Modeling Positive Responses in Class Discussion

Instructor: Della McGuire

Della has been teaching secondary and adult education for over 20 years. She holds a BS in Sociology, MEd in Reading, and is ABD on the MComm in Storytelling.

In this lesson, we will discuss strategies teachers can use to help them appropriately and respectfully respond to student responses--both correct and incorrect--in a non-critical, positive classroom discussion environment.

Cannaty and Holmes

Every time you begin an open discussion on even the most uncontroversial topics, two students take the lead for their half of the room. The discussion quickly disintegrates into a yelling match between these infamous frenemies. Cannaty insists his opinion is always right, while Holmes thinks Cannaty is full of himself. Both students could use help learning to participate in class discussions effectively and without inciting a riot.


To use modeling as a teaching method means to use the same language, behavior and mannerisms as you hope to instill in those you teach. When you model those things you want to teach students, they learn by observing and mimicking your actions. When teaching students how to participate in a class discussion, it is important to remain in control as the teacher and moderator of the conversation.

Modeling conversational skills in a class discussion is critical to maintaining a positive environment.

If a controversial discussion gets heated, like with Cannaty and Holmes, it helps to model some de-escalation strategies to help students learn how to keep cool under pressure. Modeling conversational fairness by providing equal time and opportunity to share without interruption can help. It's also important to understand how to make corrections gracefully when someone shares misinformation so as to model ways to counteract inaccuracies.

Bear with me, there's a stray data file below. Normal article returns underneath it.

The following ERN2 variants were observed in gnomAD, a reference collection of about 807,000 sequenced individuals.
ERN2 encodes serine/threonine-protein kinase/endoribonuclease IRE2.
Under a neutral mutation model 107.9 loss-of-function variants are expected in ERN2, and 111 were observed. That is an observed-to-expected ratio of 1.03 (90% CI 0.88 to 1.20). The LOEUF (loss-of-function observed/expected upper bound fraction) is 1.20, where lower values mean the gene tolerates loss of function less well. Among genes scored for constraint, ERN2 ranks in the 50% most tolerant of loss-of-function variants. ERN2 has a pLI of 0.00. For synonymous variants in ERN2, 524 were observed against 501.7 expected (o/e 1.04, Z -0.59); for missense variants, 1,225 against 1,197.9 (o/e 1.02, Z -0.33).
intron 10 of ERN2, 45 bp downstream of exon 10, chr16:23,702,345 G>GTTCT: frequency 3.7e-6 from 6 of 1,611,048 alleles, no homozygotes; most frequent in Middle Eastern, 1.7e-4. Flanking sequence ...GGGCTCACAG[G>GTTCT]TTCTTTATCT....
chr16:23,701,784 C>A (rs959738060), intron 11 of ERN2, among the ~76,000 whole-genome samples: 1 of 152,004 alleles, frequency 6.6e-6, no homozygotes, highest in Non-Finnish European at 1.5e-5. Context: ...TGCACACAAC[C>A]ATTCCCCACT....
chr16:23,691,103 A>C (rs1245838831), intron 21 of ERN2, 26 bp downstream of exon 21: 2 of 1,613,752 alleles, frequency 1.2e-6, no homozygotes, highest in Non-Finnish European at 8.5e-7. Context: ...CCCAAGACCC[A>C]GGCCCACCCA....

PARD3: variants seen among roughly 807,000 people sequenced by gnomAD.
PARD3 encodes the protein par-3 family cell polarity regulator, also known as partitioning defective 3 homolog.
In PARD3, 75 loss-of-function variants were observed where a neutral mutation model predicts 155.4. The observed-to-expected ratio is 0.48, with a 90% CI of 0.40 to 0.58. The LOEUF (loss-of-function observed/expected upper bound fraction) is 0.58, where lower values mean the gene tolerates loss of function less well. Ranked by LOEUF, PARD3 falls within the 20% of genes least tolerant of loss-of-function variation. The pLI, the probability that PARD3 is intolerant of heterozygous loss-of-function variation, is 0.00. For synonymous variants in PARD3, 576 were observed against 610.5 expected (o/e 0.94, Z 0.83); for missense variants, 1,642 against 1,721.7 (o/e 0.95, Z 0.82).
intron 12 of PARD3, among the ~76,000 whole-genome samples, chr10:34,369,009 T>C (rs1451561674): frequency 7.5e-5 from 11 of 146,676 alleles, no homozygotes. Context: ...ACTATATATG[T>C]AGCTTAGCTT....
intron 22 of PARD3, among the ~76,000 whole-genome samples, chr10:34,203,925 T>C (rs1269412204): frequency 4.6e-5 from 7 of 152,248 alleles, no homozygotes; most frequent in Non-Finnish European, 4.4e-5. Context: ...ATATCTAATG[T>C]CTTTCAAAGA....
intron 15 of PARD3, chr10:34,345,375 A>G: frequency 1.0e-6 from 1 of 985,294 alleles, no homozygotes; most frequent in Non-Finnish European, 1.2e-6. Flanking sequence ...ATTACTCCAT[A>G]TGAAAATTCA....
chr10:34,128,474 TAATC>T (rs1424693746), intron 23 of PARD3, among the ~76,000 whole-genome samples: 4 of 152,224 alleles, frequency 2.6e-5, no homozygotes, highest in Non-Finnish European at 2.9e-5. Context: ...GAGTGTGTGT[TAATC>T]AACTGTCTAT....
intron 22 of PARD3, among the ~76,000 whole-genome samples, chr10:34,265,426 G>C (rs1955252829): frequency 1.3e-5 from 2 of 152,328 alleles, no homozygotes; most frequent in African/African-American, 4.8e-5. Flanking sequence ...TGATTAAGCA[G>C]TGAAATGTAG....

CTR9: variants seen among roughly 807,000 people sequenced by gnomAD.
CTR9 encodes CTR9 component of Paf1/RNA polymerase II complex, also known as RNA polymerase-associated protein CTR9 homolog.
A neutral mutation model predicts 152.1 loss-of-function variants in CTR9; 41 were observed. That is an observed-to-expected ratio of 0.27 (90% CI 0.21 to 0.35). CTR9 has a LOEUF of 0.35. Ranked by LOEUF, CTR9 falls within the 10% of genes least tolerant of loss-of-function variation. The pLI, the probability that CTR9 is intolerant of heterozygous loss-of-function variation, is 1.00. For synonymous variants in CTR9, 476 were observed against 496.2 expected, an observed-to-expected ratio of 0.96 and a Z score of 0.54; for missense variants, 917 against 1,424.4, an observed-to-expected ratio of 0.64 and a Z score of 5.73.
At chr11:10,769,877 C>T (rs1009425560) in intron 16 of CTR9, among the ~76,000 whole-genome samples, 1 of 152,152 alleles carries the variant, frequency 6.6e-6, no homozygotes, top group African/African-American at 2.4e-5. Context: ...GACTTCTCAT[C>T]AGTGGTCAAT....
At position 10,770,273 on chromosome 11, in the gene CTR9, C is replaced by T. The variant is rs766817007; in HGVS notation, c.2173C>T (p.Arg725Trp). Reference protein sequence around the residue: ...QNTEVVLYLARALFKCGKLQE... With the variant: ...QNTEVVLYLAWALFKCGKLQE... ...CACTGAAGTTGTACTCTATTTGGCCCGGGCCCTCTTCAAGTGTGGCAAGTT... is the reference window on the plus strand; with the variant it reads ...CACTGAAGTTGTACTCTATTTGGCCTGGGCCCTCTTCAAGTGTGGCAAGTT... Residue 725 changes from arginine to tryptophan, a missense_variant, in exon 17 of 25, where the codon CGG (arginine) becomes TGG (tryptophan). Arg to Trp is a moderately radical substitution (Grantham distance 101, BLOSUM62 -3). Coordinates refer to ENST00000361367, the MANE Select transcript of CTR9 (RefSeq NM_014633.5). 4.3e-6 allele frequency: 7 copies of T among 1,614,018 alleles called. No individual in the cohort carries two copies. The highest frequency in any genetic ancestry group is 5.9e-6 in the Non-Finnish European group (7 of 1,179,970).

It is important that when teaching through class discussions, you foster positive responses by being fair to students who want to participate. Providing an opportunity for all students to share by moderating for time and forbidding interruptions will show students that class discussions can be courteous and equitable. This may also encourage reluctant students to participate because they know their contribution will be well received. It is not fair to force all students to participate in the same ways, as some students may have more to say than others. Based on this principle of fairness, allowing Cannaty and Holmes to hijack a class discussion would not be modeling a positive response in class discussion and would not be fair to the rest of the class.

It might be helpful to break up the class into small groups in order to encourage participation by reluctant students.
small group discussion


Knowing how to moderate the conversation by de-escalating the situation, or defusing things when emotions run high, might prevent Cannaty and Holmes from creating more disruption. It also might help to explain ahead of time that when debating controversial topics, the discussion will need to be civilized and respectful. Model this civility by remaining calm under pressure. Learn to deflect and refocus conversational tangents that derail the discussion from its purpose. Teach a lesson on logical fallacies so students learn to stick to facts, evidence and reasoning rather than emotion.

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